One of the key figures in the upcoming Periodical #3 is French filmmaker Maurice Pialat. To contextualise the works featured in Periodical a mass revisiting of the director’s work has taken place, and not all of it is article apt, so I thought it apt to place some of said content on Hope Lies at 24 Frames Per Second. Pialat is a fascinating filmmaker. While somewhat overshadowed by the national cinema movements that preceded and succeeded his tenure (the Nouvelle Vague and the Cinéma du look respectively), Pialat’s influence continues to be seen across a wide array of cinema, both French and international. He was the subject of a major retrospective at the Cinémathèque Française in Paris in early 2013, while his reputation within cinephile circles has grown exponentially since the advent of DVD and Blu-ray.
In many ways 1980’s Loulou is Pialat’s most celebrated work. Born of a time when it’s dual leads were on their way to becoming two of the biggest French stars in the industry, and to a film industry on the verge of significant transition, Loulou in many ways defines the cinema of the period.
Aesthetically it’s a harsh film. A lone page of simple credits lists the names of the lead actors and Pialat before cutting straight in to the scenario that has already played out. One girl leaves, dramatically, before attention turns almost immediately to the same people within the space of a night club in full flow. From there the picture drifts organically. Love is found, fracturing the relationship between others, and the after effects play out as one might expect over the duration of the rest of the feature. As appealing as the on-screen action is the nature of the era in which it is set. A dingy pre-cinema du look underground of Paris is home to our players. Stylisation is at a minimum. There’s a reason Pialat was called the Cassavetes of France. Faded neons are partially replaced by garish fluorescents, turning every public space in to a sight akin to a poorly lit warehouse or supermarket. There’s a glow of glamour still somehow present, an occurrence largely thanks to the presence of Gerard Depardieu and Isabelle Huppert, France’s great young talents at the time.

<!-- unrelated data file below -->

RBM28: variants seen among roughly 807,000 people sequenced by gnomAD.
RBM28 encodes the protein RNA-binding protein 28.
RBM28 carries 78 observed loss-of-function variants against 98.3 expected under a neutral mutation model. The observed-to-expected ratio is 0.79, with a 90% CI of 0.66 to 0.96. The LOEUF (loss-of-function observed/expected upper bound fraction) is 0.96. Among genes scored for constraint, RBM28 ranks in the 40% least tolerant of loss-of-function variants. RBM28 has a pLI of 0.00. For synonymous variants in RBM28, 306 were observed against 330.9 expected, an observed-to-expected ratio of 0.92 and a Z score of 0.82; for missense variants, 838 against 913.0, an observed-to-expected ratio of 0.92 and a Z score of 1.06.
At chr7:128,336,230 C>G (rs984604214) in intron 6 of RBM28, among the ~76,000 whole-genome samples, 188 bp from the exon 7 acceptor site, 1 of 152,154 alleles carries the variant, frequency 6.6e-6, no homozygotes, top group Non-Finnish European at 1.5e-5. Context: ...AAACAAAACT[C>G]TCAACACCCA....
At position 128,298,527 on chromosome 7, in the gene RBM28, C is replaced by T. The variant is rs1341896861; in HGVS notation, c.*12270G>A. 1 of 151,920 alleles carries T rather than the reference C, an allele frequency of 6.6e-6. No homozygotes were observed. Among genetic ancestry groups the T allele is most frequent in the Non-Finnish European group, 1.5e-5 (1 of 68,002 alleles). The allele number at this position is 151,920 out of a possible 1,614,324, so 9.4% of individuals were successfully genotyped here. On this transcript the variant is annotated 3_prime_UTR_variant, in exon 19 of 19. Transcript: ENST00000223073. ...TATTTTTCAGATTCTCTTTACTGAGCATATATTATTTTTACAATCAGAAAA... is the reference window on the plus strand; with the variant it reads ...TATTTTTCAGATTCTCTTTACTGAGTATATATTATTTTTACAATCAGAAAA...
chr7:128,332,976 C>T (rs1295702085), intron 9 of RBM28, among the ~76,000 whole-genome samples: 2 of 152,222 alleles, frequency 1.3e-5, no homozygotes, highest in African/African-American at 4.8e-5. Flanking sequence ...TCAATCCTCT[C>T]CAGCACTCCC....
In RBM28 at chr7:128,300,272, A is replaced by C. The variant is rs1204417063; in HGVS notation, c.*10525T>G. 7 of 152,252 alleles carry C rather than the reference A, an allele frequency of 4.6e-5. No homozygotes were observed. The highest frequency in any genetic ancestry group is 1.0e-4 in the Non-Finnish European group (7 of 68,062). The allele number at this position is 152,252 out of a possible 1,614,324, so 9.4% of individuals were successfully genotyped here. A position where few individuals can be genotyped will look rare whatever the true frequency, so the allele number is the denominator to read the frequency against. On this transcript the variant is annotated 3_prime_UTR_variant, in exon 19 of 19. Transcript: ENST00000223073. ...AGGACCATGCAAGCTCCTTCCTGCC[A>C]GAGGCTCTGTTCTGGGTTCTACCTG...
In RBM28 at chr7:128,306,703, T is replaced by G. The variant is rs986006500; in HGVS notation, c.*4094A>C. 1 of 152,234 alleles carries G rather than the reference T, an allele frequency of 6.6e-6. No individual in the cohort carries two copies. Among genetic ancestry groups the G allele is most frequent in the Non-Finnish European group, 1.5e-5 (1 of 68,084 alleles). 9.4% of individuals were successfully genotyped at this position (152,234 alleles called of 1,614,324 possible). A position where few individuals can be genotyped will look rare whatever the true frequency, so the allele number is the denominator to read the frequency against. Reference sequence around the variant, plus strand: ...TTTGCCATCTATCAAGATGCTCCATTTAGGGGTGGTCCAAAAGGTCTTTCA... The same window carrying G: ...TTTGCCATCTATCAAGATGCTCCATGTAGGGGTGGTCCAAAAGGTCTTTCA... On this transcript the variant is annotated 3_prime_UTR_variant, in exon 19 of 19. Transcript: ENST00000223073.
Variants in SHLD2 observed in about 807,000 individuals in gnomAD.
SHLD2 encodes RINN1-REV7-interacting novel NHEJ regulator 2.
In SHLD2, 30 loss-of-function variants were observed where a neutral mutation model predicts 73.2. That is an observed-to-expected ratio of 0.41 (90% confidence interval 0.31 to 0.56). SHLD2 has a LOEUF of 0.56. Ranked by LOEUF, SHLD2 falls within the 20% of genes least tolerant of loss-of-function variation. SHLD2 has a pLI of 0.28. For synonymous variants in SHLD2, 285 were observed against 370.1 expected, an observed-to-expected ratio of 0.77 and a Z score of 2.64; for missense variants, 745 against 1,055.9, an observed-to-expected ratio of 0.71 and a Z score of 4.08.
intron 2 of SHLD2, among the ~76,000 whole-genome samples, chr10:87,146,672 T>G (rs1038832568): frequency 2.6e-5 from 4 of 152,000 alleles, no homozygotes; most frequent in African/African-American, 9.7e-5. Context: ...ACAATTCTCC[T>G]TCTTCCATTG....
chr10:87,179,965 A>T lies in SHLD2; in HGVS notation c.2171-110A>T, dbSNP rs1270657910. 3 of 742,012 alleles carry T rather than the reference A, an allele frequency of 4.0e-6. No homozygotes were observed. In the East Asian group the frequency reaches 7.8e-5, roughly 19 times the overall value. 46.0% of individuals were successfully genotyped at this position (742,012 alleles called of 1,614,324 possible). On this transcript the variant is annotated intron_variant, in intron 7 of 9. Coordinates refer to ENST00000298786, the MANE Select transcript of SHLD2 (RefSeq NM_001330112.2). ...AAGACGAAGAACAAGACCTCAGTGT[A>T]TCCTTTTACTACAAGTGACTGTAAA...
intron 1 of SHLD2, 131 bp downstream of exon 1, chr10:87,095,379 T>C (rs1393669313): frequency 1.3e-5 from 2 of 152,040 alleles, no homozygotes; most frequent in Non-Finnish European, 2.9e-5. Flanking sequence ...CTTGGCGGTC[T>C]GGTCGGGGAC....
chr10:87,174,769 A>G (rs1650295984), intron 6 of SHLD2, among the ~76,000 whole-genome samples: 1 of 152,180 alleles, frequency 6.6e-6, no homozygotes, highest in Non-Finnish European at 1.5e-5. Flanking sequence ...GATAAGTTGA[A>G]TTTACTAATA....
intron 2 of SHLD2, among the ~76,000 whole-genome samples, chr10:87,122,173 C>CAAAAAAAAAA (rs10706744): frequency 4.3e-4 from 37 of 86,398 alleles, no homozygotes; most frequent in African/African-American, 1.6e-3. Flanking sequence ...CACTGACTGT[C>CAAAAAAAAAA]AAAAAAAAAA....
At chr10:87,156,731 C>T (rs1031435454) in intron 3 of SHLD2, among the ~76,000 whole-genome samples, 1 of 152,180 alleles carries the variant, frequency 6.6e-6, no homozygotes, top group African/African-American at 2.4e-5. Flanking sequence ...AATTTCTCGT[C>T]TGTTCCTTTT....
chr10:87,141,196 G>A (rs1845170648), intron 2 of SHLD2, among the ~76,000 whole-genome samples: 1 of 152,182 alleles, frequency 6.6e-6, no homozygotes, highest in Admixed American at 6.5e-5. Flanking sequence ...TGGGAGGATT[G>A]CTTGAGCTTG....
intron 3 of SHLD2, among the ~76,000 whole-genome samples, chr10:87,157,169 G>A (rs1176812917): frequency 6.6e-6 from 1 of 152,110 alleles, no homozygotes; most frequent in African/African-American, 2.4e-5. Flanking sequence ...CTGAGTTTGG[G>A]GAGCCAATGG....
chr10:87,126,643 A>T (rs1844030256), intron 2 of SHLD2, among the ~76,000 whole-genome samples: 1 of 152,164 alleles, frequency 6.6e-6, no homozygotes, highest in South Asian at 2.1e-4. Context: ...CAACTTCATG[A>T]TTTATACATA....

Huppert is remarkable. The dramatic scale charted by the actress covers all corners, taking in everything between pure joy and fierce despair. What is perhaps most interesting about her character is that she could easily be an aged Suzanne from Pialat’s later A Nos Amours, while Depardieu’s eponymous Loulou could be the man that grew from L’enfance nue. This evolving system of a life on-screen might be seen as Pialat’s master plan, with the capturing of every facet from youth (the aforementioned L’enfance nue and that film’s spiritual follow-up Passe ton bac d’abord) through death (La gueule ouverte) and via all in between.
In contrast to the everyday realism of the slice-of-life tendencies of Pialat’s ouevre, there is a real sense of a dramatised, dreadful inevitability to their love (one almost feels it a necessity to place quotation marks around the word “love”) can’t last. This tone is offset by Pialat’s fluid portrayal of the everyday. It manages to offset any impending doom by sweeping it up in the flow of the picture. The third act is punctuated by a warm family meal, with every action, even the ones that verge on the ridiculous in theoretical terms (see. shotgun brother-in-law) rendered organic. The style and tone of performance is in direct opposition to the fractured, disparate narrative structure. It’s apt to be discussing this sequence, for it gives way to the film’s most dramatic time shift, as Pialat cuts from party to the aftermath of an abortion.
Like A Nos Amours Pialat takes a conservative running time and somehow manages to make it feel much more sizeable, in turn crafting something of an intimate epic. As with his earlier films, which riffed on known properties (the child drama, the ill drama) he resists convention. This, coupled with Pialat’s aesthetic sensibilities, with his sweeping camera (see, the remarkable long shot as Nelly and Loulou walk the latter’s mother home) and bold sense of cut, paved the way for Les amants du Pont-Neuf and other films of the Cinéma du look period. As Loulou and Nelly walk off not so much in to the subset as a an already pitch black evening, one cannot help but look towards the romantically nihilistic cinema that would follow, even if Pialat himself was apprehensive about his own involvement with any particular movement.
While the French cinema would soon divide off in to two distinct directions; that of the Cinéma du look and that of the Cinéma du papa redux (see. Manon des Sources), Pialat again stood free of agenda, just as he had done in the days of the Nouvelle Vague .